Civil society information channels bypass state media in popularity; Babaryka’s election HQs have announced a call to create a political party
By Zmicier Kuchlej
Civil society and IT companies have broken the authorities’ information monopoly and managed to shape an alternative media environment in Telegram channels and social media. The role of political organizations in coordinating civic initiatives continues to grow amid a lingering political crisis, while Telegram channels coordinate street protests.
The authorities made further efforts to eliminate the crowdfunding opportunities for society and business. However, the private business continues to support civic initiatives and victims of repression. The founder of PandaDoc company published a message about the repression of IT companies and announced the non-stop economic, political, informational pressure on the authorities.
The BY_help campaign has already repaid some BYN 0.5 million rubles to the victims of the security forces, and the Belarus Solidarity Foundation raised some USD 2 million to help those who lost their jobs.
The recall of MPs has stumbled upon complicated legal procedures and opposition from the authorities. However, last week some MPs met with voters. For example, MP Valery Voronetsky, not only agreed to meet with voters but also said that all facts of violence by security forces during the protests must be studied.
Young people and students continued to walk out of the pro-government Belarusian Republican Youth Union (BRSM) all over the country, especially after a harsh clampdown on student protests.
The independent trade union movement is attempting to unite strike committees and workers who walk out of the state trade union. The Steering Committee has launched a Trade Union Online initiative to support workers in their engagement with independent trade unions.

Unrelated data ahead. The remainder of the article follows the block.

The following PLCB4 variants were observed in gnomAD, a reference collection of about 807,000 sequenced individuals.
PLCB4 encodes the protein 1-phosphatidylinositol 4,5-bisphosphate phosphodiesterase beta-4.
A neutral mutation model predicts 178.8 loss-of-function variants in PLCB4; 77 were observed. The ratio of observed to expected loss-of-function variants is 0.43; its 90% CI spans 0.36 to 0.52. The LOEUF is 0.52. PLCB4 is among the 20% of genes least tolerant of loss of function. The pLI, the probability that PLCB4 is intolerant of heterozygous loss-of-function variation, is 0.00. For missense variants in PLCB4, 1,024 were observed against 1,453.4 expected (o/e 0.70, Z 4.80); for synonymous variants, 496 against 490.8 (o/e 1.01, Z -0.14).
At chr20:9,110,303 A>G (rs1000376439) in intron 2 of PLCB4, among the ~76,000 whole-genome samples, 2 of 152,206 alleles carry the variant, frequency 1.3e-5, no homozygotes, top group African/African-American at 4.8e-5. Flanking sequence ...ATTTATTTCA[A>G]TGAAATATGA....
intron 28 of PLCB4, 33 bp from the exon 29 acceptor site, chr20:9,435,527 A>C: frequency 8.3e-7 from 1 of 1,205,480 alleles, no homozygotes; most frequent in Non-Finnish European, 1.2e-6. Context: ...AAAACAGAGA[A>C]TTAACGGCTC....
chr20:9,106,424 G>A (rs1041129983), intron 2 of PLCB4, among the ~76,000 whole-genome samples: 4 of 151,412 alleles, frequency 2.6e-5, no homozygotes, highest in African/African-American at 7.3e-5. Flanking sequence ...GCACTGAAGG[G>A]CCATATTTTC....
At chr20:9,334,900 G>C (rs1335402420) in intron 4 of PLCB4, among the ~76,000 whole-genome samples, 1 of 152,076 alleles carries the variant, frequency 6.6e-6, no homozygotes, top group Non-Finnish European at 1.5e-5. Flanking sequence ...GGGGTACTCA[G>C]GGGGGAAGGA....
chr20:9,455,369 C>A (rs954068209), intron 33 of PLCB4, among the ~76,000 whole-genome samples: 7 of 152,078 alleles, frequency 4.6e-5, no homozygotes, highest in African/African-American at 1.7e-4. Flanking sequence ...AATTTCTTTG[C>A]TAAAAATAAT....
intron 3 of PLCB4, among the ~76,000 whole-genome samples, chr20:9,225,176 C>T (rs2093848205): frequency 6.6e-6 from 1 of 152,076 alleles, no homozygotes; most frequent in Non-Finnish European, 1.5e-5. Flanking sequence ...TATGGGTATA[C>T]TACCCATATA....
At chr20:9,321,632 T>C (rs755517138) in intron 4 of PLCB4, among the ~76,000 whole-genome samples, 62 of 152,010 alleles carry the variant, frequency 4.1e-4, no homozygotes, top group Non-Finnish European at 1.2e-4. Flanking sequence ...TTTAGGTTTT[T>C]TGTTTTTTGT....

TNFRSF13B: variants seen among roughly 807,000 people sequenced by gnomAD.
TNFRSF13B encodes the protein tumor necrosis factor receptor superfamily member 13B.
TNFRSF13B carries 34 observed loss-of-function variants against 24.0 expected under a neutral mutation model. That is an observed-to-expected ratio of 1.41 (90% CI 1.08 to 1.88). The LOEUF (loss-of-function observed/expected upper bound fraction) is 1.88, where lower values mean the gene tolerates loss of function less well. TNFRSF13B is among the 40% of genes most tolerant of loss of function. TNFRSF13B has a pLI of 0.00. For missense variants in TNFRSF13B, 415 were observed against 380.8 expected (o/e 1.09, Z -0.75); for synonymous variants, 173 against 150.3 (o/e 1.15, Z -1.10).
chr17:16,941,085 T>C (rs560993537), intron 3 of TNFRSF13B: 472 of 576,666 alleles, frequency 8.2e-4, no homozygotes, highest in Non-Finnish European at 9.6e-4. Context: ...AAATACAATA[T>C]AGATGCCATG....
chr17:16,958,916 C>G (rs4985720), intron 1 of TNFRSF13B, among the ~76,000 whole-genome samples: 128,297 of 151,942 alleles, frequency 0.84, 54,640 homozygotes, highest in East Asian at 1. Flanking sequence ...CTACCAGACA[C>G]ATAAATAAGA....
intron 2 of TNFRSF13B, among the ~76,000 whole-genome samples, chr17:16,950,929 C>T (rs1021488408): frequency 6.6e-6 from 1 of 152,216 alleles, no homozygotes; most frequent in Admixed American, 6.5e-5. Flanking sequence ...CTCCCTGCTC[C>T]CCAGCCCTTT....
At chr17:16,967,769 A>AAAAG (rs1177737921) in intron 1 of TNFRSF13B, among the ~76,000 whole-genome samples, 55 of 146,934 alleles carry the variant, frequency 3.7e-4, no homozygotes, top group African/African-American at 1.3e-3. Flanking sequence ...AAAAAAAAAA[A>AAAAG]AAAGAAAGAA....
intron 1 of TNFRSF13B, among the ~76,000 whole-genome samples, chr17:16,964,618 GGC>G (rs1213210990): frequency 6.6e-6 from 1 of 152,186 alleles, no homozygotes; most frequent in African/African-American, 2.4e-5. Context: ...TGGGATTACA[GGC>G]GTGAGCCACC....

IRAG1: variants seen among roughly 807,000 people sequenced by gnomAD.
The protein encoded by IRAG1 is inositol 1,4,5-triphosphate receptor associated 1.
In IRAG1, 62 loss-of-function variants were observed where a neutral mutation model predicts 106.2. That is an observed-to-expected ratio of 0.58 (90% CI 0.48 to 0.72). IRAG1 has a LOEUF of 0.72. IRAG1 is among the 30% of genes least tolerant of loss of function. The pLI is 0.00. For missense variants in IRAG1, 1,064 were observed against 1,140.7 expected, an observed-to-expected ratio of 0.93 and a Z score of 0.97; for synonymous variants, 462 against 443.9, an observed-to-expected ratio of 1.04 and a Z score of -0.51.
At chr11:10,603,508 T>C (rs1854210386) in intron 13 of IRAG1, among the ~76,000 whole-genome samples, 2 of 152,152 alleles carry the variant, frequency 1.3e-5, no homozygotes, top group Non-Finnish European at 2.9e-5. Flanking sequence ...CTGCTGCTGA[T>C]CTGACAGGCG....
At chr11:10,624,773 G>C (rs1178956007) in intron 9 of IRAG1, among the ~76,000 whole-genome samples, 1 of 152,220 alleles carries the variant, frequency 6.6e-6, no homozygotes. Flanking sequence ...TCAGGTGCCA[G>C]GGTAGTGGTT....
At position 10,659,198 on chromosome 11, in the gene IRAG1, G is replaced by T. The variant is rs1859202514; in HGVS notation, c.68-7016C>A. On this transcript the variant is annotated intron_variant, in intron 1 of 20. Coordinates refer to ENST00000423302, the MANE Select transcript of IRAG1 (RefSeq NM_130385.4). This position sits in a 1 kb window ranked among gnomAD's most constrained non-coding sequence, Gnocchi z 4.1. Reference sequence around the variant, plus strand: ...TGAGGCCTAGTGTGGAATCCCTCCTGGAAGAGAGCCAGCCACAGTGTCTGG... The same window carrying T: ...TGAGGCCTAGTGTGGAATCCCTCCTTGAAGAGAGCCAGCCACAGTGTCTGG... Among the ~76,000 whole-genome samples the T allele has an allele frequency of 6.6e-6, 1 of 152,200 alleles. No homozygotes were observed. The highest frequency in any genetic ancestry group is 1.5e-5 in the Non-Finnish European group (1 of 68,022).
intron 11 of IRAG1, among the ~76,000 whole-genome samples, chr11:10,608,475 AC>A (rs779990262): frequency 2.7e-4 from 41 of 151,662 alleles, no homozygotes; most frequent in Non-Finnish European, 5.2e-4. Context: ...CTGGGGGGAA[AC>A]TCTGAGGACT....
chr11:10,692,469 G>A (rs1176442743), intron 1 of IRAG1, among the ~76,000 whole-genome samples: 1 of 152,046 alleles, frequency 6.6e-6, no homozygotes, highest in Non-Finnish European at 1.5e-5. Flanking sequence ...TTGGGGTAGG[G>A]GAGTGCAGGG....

Electoral HQs of Babaryka announced the creation of a political party, ‘Vmeste’ [Together]. The founders of the new party are members of Babaryka’s initiative group, some 10k people. His HQs supported several initiatives which have an extensive base of supporters, such as, for example, “Honest People” (over 1.24 million).
Many experts and activists have lashed out at Babaryka’s HQs initiative, also causing tension within the Coordination Council.
That said, many political organizations are not represented in the Coordination Council and pursue independent agendas. For example, former presidential candidate and Tell The Truth leader Dzmitryeu also announced the intention to create a political party and supported the recall of MPs initiative in several constituencies. Former presidential candidate and chairman of the BSDH Cherechen is attempting to engage in a dialogue with the Industry Ministry over proposals to improve the work of the largest state-owned enterprise, Minsk Motor Works (MMZ).
Hence, the role of political organizations is likely to increase as the political crisis in Belarus drags on.
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